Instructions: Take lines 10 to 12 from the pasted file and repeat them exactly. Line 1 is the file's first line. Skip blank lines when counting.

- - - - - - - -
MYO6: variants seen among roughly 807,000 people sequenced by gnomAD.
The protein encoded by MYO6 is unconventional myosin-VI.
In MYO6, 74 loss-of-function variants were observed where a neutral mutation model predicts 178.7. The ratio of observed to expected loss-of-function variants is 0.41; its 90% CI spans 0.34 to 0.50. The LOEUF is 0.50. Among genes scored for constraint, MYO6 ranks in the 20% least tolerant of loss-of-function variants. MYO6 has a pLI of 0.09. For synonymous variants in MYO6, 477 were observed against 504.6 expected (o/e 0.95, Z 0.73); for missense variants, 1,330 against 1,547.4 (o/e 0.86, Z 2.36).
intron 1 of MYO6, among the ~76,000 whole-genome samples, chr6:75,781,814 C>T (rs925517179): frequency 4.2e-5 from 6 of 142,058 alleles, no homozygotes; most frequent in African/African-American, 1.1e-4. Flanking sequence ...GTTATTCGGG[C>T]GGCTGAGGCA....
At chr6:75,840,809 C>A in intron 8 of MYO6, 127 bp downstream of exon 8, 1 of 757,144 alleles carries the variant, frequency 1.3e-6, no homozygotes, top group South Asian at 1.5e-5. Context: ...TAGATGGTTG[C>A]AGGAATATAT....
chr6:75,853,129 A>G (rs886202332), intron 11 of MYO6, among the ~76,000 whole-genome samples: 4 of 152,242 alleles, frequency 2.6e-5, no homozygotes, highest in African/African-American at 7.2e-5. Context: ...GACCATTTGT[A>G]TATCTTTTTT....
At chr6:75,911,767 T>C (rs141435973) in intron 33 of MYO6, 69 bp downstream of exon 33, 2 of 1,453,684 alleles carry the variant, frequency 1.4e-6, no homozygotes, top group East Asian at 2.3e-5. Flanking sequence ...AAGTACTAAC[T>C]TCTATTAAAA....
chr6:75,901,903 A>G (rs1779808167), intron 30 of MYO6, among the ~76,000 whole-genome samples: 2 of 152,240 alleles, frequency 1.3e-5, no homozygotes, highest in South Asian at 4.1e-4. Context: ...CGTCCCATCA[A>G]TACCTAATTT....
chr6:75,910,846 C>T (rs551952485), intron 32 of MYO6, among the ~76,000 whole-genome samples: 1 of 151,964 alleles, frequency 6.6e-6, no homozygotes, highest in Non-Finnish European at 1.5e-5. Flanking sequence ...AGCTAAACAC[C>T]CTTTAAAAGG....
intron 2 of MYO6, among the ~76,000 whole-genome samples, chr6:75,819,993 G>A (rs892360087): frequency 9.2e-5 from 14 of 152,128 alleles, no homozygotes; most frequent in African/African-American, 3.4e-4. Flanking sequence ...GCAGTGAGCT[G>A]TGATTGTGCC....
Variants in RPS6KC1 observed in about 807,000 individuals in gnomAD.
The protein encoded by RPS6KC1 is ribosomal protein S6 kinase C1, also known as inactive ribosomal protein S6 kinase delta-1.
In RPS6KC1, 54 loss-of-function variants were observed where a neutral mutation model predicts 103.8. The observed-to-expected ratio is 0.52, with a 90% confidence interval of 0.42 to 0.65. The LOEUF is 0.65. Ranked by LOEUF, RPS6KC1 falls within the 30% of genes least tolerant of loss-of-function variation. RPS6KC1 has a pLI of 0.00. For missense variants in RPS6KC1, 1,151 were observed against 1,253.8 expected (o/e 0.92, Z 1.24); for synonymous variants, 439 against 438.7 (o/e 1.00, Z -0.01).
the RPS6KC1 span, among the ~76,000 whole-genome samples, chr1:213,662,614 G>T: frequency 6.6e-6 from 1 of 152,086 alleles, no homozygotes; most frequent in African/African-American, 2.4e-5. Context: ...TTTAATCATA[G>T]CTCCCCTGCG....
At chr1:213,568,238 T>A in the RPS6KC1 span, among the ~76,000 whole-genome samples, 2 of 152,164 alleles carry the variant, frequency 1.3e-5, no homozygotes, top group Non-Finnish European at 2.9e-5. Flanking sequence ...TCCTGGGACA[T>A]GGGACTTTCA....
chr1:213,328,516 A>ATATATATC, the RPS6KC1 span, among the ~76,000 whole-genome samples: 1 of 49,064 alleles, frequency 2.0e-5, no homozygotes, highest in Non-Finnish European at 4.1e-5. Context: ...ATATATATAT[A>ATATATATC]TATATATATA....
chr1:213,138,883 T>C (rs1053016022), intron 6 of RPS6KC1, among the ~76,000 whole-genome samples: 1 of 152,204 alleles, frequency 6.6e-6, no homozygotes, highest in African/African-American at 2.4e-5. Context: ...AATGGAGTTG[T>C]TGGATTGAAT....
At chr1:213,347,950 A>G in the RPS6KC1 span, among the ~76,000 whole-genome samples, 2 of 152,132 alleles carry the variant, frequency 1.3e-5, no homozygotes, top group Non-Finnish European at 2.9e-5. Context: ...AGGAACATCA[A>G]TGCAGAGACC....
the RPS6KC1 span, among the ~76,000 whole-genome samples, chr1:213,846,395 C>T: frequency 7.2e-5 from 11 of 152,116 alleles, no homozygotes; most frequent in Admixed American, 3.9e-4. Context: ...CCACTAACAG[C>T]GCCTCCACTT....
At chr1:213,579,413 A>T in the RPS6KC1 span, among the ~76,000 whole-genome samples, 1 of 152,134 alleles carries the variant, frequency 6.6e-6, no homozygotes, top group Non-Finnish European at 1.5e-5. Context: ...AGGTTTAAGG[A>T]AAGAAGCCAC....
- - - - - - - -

intron 2 of MYO6, among the ~76,000 whole-genome samples, chr6:75,819,993 G>A (rs892360087): frequency 9.2e-5 from 14 of 152,128 alleles, no homozygotes; most frequent in African/African-American, 3.4e-4. Flanking sequence ...GCAGTGAGCT[G>A]TGATTGTGCC....
Variants in RPS6KC1 observed in about 807,000 individuals in gnomAD.
The protein encoded by RPS6KC1 is ribosomal protein S6 kinase C1, also known as inactive ribosomal protein S6 kinase delta-1.